What defines modern agriculture?
It’s a question that I’ve been pondering ever since reading an article Jan. 19 by Terence Loose listing “agriculture” as the most useless college major. More than anything, I believe his article illustrates how little the general public knows about production agriculture. I dare say Loose envisions farming more like it was in the 1950s or 1960s than it is today.
Agriculture has changed dramatically over the years, and it’s become even more technologically advanced in the past 5 to 10 years alone. In fact, agriculture is like lot the car industry. One used to have to custom order power windows. Today power windows come standard on new vehicles just like most technology comes standard today on agricultural products.
Technological advancements in the seed industry is just one example. One hundred percent of Latham® Hi-Tech Soybean seed is traited, and about 95% of the corn hybrids we sell contain technologies that make crops resistant to insects or certain chemicals.
High-tech seeds means there’s a lot of science in each bag! Think about the highly educated and skilled people it takes to research and create new technologies and genetics, develop them for commercial production, condition the seeds, and then sell them to the farmers, who produce food, clothing and fuel for the world.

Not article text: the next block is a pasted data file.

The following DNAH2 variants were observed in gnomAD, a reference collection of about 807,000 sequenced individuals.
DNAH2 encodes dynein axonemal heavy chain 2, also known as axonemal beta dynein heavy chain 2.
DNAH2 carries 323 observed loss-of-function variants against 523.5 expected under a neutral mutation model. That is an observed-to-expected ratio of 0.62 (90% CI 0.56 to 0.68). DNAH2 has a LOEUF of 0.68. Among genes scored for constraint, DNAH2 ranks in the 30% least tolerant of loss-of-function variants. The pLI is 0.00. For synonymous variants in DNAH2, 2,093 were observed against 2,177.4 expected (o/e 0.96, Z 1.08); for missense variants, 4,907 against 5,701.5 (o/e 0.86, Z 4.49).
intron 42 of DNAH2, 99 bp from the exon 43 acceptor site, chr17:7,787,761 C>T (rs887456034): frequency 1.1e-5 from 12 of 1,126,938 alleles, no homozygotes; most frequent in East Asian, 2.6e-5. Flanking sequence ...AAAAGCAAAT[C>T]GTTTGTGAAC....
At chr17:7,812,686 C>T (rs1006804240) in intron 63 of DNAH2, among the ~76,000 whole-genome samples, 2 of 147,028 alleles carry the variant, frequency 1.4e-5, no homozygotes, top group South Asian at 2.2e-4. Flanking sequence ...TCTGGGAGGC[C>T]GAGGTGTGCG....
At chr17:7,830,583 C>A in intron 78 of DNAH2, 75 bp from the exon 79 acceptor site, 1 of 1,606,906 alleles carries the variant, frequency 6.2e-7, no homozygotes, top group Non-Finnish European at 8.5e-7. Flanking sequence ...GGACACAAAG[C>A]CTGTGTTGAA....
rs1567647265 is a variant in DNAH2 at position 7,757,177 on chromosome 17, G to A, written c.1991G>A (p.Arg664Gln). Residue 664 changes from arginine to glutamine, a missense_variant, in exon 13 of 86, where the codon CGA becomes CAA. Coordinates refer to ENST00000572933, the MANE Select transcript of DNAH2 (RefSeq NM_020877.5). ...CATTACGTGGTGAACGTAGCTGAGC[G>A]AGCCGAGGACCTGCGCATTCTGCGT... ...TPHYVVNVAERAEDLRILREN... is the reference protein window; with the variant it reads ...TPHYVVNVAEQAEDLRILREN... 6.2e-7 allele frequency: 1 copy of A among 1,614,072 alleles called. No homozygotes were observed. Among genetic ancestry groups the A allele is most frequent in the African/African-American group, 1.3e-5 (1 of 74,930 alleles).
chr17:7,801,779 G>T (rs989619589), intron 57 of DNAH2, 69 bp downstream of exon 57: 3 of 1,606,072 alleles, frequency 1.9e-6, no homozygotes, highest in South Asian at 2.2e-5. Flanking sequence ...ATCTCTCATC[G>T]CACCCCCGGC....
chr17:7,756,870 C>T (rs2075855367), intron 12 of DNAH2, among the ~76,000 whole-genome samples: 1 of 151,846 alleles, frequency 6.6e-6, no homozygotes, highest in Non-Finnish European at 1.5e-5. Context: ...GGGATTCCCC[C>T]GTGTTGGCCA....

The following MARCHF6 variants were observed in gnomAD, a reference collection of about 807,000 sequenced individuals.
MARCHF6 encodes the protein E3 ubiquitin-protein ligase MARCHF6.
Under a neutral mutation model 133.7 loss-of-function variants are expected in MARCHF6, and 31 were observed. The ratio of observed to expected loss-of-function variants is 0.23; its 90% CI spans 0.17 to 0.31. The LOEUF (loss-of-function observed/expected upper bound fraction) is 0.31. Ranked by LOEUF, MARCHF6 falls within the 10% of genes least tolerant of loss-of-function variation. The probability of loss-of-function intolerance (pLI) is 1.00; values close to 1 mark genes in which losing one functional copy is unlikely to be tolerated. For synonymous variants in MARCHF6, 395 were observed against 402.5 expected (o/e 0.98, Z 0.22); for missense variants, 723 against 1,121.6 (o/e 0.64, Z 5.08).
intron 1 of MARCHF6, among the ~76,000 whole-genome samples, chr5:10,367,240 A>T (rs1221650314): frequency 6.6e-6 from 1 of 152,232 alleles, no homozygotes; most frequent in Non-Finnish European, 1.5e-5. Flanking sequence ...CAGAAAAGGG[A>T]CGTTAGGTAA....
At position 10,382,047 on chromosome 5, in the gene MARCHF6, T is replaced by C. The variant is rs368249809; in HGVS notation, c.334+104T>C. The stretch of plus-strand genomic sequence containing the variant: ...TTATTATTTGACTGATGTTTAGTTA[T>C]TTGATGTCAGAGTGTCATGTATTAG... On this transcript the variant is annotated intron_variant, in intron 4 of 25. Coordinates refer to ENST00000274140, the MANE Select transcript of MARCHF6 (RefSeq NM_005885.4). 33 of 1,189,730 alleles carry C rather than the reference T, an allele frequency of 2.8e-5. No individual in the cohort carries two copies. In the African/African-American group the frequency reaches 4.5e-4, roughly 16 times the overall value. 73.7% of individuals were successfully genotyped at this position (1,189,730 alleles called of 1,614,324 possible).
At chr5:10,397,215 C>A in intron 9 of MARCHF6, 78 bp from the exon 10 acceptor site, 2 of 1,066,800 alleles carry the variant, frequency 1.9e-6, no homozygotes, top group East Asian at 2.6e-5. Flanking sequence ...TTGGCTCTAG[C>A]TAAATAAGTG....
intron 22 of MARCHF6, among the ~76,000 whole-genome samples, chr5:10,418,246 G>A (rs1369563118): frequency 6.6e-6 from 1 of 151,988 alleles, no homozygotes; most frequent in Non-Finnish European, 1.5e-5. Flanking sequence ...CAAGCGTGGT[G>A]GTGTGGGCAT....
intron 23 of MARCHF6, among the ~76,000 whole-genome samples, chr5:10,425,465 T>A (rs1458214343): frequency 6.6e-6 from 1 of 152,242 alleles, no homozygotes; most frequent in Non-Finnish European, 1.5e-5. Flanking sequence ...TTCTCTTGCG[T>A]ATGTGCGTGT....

New seed technologies – have and will continue to – set new expectations for the yields farmers can achieve. When Roundup® Ready soybeans were introduced in 1996, they set the standard for soybean yields for a decade. Today Latham® soybeans with the Genuity® Roundup Ready® 2 Yield technology are redefining yield expectations. Latham soybeans with the RR2 trait have been out-yielding the competition consistently for the past two harvest seasons. Soon Vistive® Gold soybeans will produce an oil similar to the content of olive oil but much easier and cheaper to produce.
On the corn side of our business, technology is progressing at an equally fast pace. Innovations are making it even simpler to comply with refuge requirements. New for 2012 Latham has introduced Genuity VT2 PRO RIB Complete, as well as Genuity® SmartStax® RIB Complete. Other new technologies coming include a new rootworm trait from Syngenta called Agrisure® Duracade™ and crops resistant to 2-4D chemistry from Dow Agrosciences called Enlist™ just to name a couple.
Seed traits are just one example of how technology has – and continues – to redefine production agriculture. “Technology” obviously has many different meanings within agriculture, and the definition largely depends on what a person does from day-to-day. A quick poll on Facebook and a few e-mails to our friends in the industry produced this list of ag technologies:
- Auto-steer tractors
- Smart Phones
- Slow-release fertilizer
- RFID technology for livestock
And the list goes on! How has technology transformed your own operation?